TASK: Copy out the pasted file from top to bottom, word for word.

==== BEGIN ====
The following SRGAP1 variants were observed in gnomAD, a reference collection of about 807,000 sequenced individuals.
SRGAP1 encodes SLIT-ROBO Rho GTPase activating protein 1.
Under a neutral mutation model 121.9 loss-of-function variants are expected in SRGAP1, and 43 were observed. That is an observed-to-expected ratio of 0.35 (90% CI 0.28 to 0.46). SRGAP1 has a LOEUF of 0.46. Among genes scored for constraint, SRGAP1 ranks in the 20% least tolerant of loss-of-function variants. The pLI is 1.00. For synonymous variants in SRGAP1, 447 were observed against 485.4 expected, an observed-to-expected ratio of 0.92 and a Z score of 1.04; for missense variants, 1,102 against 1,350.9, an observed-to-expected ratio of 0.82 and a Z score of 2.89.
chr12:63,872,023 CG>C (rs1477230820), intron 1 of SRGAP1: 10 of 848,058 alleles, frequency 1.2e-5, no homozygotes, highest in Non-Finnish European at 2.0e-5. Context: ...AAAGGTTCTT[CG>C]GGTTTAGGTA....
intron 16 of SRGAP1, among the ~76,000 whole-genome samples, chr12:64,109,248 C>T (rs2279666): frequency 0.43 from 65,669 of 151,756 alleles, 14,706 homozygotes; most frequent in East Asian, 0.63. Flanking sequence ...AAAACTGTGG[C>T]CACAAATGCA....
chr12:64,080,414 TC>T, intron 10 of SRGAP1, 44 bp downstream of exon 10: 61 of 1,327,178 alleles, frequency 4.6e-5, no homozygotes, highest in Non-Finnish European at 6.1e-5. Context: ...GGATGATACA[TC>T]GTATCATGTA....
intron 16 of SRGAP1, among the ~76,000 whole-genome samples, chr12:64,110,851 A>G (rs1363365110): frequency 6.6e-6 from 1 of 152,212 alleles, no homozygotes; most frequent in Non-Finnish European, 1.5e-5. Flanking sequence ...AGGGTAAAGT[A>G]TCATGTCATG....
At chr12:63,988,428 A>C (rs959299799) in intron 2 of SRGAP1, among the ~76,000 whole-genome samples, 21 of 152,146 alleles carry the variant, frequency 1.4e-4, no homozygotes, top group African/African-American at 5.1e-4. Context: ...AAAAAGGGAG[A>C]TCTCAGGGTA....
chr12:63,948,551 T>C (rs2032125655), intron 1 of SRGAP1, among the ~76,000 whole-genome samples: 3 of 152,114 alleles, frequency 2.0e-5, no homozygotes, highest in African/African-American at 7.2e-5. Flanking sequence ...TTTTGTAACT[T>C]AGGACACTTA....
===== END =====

The following SRGAP1 variants were observed in gnomAD, a reference collection of about 807,000 sequenced individuals.
SRGAP1 encodes SLIT-ROBO Rho GTPase activating protein 1.
Under a neutral mutation model 121.9 loss-of-function variants are expected in SRGAP1, and 43 were observed. That is an observed-to-expected ratio of 0.35 (90% CI 0.28 to 0.46). SRGAP1 has a LOEUF of 0.46. Among genes scored for constraint, SRGAP1 ranks in the 20% least tolerant of loss-of-function variants. The pLI is 1.00. For synonymous variants in SRGAP1, 447 were observed against 485.4 expected, an observed-to-expected ratio of 0.92 and a Z score of 1.04; for missense variants, 1,102 against 1,350.9, an observed-to-expected ratio of 0.82 and a Z score of 2.89.
chr12:63,872,023 CG>C (rs1477230820), intron 1 of SRGAP1: 10 of 848,058 alleles, frequency 1.2e-5, no homozygotes, highest in Non-Finnish European at 2.0e-5. Context: ...AAAGGTTCTT[CG>C]GGTTTAGGTA....
intron 16 of SRGAP1, among the ~76,000 whole-genome samples, chr12:64,109,248 C>T (rs2279666): frequency 0.43 from 65,669 of 151,756 alleles, 14,706 homozygotes; most frequent in East Asian, 0.63. Flanking sequence ...AAAACTGTGG[C>T]CACAAATGCA....
chr12:64,080,414 TC>T, intron 10 of SRGAP1, 44 bp downstream of exon 10: 61 of 1,327,178 alleles, frequency 4.6e-5, no homozygotes, highest in Non-Finnish European at 6.1e-5. Context: ...GGATGATACA[TC>T]GTATCATGTA....
intron 16 of SRGAP1, among the ~76,000 whole-genome samples, chr12:64,110,851 A>G (rs1363365110): frequency 6.6e-6 from 1 of 152,212 alleles, no homozygotes; most frequent in Non-Finnish European, 1.5e-5. Flanking sequence ...AGGGTAAAGT[A>G]TCATGTCATG....
At chr12:63,988,428 A>C (rs959299799) in intron 2 of SRGAP1, among the ~76,000 whole-genome samples, 21 of 152,146 alleles carry the variant, frequency 1.4e-4, no homozygotes, top group African/African-American at 5.1e-4. Context: ...AAAAAGGGAG[A>C]TCTCAGGGTA....
chr12:63,948,551 T>C (rs2032125655), intron 1 of SRGAP1, among the ~76,000 whole-genome samples: 3 of 152,114 alleles, frequency 2.0e-5, no homozygotes, highest in African/African-American at 7.2e-5. Flanking sequence ...TTTTGTAACT[T>C]AGGACACTTA....